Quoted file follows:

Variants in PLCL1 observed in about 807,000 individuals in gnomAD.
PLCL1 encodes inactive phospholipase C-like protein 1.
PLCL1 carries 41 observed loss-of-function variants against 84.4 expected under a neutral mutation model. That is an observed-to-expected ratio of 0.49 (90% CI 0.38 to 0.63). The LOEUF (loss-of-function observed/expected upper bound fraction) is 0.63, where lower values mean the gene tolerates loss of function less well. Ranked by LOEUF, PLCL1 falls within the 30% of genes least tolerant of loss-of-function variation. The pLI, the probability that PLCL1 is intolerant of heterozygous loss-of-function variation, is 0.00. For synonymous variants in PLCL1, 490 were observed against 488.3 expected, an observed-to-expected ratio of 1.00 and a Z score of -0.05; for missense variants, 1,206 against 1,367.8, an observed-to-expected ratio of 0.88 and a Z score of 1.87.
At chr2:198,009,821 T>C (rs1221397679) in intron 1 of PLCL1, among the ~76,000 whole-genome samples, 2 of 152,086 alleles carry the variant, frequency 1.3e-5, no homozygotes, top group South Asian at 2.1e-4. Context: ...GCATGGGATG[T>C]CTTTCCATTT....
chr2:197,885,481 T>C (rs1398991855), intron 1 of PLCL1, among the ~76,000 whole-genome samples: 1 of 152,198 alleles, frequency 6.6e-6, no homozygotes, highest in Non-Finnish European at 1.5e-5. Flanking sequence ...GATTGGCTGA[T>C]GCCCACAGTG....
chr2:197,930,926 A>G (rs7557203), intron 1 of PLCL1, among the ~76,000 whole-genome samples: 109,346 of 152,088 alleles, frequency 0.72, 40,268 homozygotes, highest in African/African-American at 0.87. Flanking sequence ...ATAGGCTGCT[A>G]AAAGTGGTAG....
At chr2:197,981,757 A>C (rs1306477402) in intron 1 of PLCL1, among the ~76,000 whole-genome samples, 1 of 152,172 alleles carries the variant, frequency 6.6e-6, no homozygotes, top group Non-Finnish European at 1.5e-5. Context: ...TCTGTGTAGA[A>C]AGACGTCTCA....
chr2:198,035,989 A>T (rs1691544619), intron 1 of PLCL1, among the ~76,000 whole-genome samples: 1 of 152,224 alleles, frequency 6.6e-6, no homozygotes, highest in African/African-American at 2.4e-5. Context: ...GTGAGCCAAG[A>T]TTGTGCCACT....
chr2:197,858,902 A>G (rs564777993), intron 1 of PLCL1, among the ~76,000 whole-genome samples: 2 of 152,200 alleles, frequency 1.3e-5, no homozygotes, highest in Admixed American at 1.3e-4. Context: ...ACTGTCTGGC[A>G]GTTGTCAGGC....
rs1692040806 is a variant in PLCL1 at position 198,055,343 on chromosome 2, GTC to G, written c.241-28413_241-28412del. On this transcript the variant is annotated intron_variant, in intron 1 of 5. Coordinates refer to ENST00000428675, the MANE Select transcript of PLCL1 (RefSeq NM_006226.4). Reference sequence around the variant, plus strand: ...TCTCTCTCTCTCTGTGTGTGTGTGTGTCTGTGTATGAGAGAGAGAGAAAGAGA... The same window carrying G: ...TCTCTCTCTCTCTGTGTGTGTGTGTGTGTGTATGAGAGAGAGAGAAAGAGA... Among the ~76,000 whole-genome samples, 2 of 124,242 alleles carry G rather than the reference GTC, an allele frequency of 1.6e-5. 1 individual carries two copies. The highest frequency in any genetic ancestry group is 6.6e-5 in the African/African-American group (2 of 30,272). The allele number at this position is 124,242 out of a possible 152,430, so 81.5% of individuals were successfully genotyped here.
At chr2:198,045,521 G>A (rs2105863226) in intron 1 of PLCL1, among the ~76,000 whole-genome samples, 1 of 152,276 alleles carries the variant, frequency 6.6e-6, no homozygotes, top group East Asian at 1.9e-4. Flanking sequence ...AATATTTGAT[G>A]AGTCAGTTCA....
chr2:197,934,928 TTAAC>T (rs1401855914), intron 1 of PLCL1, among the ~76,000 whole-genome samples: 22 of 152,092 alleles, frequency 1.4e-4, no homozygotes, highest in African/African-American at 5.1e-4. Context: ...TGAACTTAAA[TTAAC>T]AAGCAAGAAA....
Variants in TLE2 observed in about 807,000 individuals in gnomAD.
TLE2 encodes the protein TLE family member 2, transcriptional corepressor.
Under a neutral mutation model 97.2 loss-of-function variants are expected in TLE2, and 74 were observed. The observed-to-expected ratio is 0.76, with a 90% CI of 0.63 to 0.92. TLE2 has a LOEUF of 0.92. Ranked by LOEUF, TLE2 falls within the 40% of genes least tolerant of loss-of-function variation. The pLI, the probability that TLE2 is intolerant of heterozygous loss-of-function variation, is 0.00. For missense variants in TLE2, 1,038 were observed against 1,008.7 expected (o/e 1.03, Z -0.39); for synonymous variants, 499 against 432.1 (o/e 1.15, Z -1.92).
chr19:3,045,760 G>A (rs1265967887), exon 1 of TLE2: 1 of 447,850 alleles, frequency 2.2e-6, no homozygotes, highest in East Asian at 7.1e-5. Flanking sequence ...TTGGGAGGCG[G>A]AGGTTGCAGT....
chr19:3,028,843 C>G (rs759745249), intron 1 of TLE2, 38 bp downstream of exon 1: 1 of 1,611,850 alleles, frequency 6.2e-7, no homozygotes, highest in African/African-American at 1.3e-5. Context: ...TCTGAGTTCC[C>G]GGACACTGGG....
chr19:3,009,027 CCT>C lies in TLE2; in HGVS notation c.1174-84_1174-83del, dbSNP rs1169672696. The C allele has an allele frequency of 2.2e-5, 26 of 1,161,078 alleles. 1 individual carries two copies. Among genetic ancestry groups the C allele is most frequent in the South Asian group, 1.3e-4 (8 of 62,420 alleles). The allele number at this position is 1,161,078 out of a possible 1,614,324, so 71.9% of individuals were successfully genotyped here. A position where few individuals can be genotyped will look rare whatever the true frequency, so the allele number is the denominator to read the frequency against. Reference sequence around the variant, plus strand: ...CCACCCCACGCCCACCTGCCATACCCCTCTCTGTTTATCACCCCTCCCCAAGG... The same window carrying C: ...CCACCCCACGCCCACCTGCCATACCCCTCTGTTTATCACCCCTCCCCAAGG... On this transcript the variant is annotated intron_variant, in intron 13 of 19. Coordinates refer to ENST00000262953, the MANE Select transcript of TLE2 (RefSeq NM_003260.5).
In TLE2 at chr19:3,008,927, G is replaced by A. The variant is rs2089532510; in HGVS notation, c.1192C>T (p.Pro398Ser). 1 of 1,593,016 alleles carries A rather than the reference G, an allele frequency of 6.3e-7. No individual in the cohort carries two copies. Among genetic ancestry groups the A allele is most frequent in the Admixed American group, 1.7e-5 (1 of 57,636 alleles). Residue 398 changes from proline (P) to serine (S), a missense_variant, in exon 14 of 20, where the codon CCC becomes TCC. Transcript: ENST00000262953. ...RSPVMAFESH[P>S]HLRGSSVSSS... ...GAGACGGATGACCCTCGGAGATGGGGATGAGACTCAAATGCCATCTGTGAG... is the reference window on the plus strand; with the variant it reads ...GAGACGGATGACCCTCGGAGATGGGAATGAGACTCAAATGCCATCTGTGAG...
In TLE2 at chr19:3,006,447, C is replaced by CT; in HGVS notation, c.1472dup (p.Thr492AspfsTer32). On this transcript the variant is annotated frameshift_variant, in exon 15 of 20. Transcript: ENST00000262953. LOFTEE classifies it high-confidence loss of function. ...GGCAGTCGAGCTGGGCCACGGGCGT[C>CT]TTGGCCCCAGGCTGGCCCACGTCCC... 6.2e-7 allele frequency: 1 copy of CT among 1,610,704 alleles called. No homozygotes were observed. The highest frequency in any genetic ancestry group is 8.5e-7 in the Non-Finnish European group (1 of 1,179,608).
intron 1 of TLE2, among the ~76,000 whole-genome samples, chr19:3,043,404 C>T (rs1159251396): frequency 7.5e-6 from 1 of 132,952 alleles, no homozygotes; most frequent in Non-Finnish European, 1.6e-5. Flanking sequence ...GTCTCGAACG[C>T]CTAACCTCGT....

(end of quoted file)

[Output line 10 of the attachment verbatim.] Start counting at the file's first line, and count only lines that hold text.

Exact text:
rs1692040806 is a variant in PLCL1 at position 198,055,343 on chromosome 2, GTC to G, written c.241-28413_241-28412del. On this transcript the variant is annotated intron_variant, in intron 1 of 5. Coordinates refer to ENST00000428675, the MANE Select transcript of PLCL1 (RefSeq NM_006226.4). Reference sequence around the variant, plus strand: ...TCTCTCTCTCTCTGTGTGTGTGTGTGTCTGTGTATGAGAGAGAGAGAAAGAGA... The same window carrying G: ...TCTCTCTCTCTCTGTGTGTGTGTGTGTGTGTATGAGAGAGAGAGAAAGAGA... Among the ~76,000 whole-genome samples, 2 of 124,242 alleles carry G rather than the reference GTC, an allele frequency of 1.6e-5. 1 individual carries two copies. The highest frequency in any genetic ancestry group is 6.6e-5 in the African/African-American group (2 of 30,272). The allele number at this position is 124,242 out of a possible 152,430, so 81.5% of individuals were successfully genotyped here.